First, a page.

Nepali Times
From The Nepali Press
The Maoist path to enlightenment,Annapurna Post



BINOD JOSHI

The Maoists have had two chances to rule this country, and they have squandered both. They have flouted the rule of law, failed in governance, and their public support base is eroding. Senior civil servants and secretaries are resigning because of pressure from ministers, cadre and power-hungry Maoist unions. It is therefore stupid to expect a party like this to give people their rights or improve their livelihoods. Worse, the Maoists are openly coddling those found guilty of murder and other crimes and granting mass pardon to 367 people facing such charges. It's as if the Maoist prime minister wants to convey the message that his party can do anything, commit any crime and get away with it. Such impunity has further tarnished the domestic and international reputation of the party. It took a German minister to draw attention to this during a recent visit, and warn that aid to Nepal may be affected if the general amnesty proposal went through.

It is now clear that however much the Maoists talk about their 'people's war' for societal transformation, all they have tried to do in the past four years is demolish democracy and support authoritarianism. The party still seems to think it needs guns to ensure victory in elections and doesn't want to disarm, and its leaders keep threatening to return to the jungle, wage a people's revolt or unleash rivers of blood.

In the midst of all this, the supreme leader of the Maoists, Prachanda, after waging a war that killed 15,000 Nepalis, disappeared and displaced thousands more has suddenly decided to become a follower of Gautam Buddha, the prince of peace and compassion. This could be considered a positive move if Prachanda suddenly had pangs of conscience about the suffering he unleashed, or because he is scared of being dragged to the war crimes tribunal. All the world's religions and laws prohibit the taking of human life, yet leaders who celebrate violence and boast about their killings want to be seen as believers of non-violence. But first, the Maoist leader and his followers have to prove to us that they really mean it.

Why don't the adherents of Prachandapath mark the next auspicious full moon day by meditating for enlightenment under the Bodhi tree? Let the former guerrillas in the camps and YCLs also shave their heads, dress in monks' robes and chant "Buddham saranam gachhami, dhamam saranam gachhami, sangam saranam gachhami"? And let them say that they have forever forsaken the path of violence. Only then will it suit Prachanda and his disciples to lead the committee on Lumbini and welcome Ban Ki-moon. The UN chief's visit may have been cancelled for now, but at some point he should come and bear witness to this transformation of the Maoists to a truly non-violent party.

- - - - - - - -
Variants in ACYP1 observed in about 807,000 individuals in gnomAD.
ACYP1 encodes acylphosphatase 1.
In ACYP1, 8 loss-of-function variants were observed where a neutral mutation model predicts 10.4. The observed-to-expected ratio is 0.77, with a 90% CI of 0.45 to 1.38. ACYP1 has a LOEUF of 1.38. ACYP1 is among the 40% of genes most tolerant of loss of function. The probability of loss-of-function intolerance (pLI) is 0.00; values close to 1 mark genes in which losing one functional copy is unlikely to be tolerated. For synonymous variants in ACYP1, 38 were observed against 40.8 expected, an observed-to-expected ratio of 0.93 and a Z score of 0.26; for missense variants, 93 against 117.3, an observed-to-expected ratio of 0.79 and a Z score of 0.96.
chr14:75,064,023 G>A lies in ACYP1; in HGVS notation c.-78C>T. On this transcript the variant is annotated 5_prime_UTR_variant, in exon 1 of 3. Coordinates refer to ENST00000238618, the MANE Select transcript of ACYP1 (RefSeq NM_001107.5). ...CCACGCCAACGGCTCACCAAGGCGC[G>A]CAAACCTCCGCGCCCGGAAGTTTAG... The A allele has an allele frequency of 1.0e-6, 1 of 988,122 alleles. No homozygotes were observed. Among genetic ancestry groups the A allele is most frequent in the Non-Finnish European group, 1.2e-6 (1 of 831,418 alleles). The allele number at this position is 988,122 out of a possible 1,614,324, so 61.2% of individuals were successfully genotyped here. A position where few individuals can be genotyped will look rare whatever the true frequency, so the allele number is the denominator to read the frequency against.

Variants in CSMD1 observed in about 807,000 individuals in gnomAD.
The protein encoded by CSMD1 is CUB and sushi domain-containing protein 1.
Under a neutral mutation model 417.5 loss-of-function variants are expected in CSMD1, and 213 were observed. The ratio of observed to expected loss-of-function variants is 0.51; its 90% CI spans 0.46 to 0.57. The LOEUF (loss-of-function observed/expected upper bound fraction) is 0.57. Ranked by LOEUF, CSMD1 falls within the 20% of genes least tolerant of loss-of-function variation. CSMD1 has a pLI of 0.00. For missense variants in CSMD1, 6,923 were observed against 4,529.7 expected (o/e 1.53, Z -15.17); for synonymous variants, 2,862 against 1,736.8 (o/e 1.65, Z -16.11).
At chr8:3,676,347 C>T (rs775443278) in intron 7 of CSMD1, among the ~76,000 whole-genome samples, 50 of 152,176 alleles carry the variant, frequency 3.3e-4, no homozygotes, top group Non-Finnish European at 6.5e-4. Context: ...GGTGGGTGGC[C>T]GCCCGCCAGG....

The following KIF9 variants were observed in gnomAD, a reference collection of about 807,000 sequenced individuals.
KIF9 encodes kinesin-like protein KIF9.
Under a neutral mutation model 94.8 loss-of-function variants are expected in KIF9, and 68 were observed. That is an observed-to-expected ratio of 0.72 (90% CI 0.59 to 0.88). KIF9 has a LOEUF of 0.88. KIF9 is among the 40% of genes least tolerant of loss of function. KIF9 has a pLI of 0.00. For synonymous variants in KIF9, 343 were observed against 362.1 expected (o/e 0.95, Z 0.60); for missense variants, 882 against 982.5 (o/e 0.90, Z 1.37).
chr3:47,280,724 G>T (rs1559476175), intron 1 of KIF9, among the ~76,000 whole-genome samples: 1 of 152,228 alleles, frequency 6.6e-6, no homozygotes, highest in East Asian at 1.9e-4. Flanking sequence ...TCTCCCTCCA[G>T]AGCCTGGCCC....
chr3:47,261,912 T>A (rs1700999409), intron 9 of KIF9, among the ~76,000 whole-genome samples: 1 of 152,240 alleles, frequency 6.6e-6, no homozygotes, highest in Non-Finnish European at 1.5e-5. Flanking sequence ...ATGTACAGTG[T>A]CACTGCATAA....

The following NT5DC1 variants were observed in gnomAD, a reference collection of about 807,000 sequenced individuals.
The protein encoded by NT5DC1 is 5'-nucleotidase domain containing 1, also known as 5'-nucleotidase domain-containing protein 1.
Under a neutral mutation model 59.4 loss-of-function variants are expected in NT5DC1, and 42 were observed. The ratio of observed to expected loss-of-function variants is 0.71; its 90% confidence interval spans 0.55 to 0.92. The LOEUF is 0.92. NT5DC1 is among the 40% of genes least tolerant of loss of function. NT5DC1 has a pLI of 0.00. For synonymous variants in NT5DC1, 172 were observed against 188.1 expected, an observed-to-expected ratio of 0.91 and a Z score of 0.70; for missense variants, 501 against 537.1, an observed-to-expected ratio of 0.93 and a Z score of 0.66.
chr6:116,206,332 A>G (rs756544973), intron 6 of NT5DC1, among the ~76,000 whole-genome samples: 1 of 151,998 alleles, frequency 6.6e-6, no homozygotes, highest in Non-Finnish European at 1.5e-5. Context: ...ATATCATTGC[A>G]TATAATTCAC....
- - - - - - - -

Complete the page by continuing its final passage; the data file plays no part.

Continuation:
1. Ven. Bhaddamanika, Panditarama, Lumbini International Vipassana Meditation Center
The Buddha's Teachings or the Dhamma is for everyone.  Every person can follow what He taught tirelessly during His 45 years of missionary. Regardless of age, spiritual interests, regardless of nationalities, statuses of the people Buddha's Teachings are still flourishing, and can be discerned even after His demise more than twenty five hundred years ago.  The occurrence of the Buddha is for the welfare and happiness of the many.
The virtues or the inherent qualities of the Dhamma includes ehipassiko, that means, to invite everyone to practice or study the Dhamma, for the benefits could be achieved immediately, akaliko
 The Buddha's Teachings is likened to the taste of ocean water which has the same taste, a taste of salt in every depths, "a taste of freedom".   As ocean water belongs to anyone, the Buddha's teachings can be practiced by anyone, it belongs to humanity.  If they want to follow the Buddha's Teachings they have the right to do.  
Lumbini a place where the Buddha was born, and is a place of cultural heritage that belongs to all, and the Dhamma taught by the Buddha is also the spiritual heritage that everyone has the right to preserve it by following, practicing for the future generations.  
The past belongs to the past.  
 When we are looking for the possible future of the nation it is of great importance to focus the present and be prepared to look at the positive points, and to march ahead.  While forwarding ahead, looking back into the past, recalling the dark days, blaming, finding faults, etc. would make the journey hindered.  
 Where is the end? 
Buddha taught four illimitable wholesome mind states, which are
 boundless: Metta, loving kindness, Karuna compassion, and Mudita, appreciative joy, and, Upekkha, equanimity.  None of the problems can be solved without one of them.  
Adding fuel is easy, but as the citizens with a sense of ownership to this irreplaceable cultural heritage, Lumbini, where the Buddha was born should be totally aware that planting the seeds of hatred is not a solution.  


LATEST ISSUE
638
(11 JAN 2013 - 17 JAN 2013)


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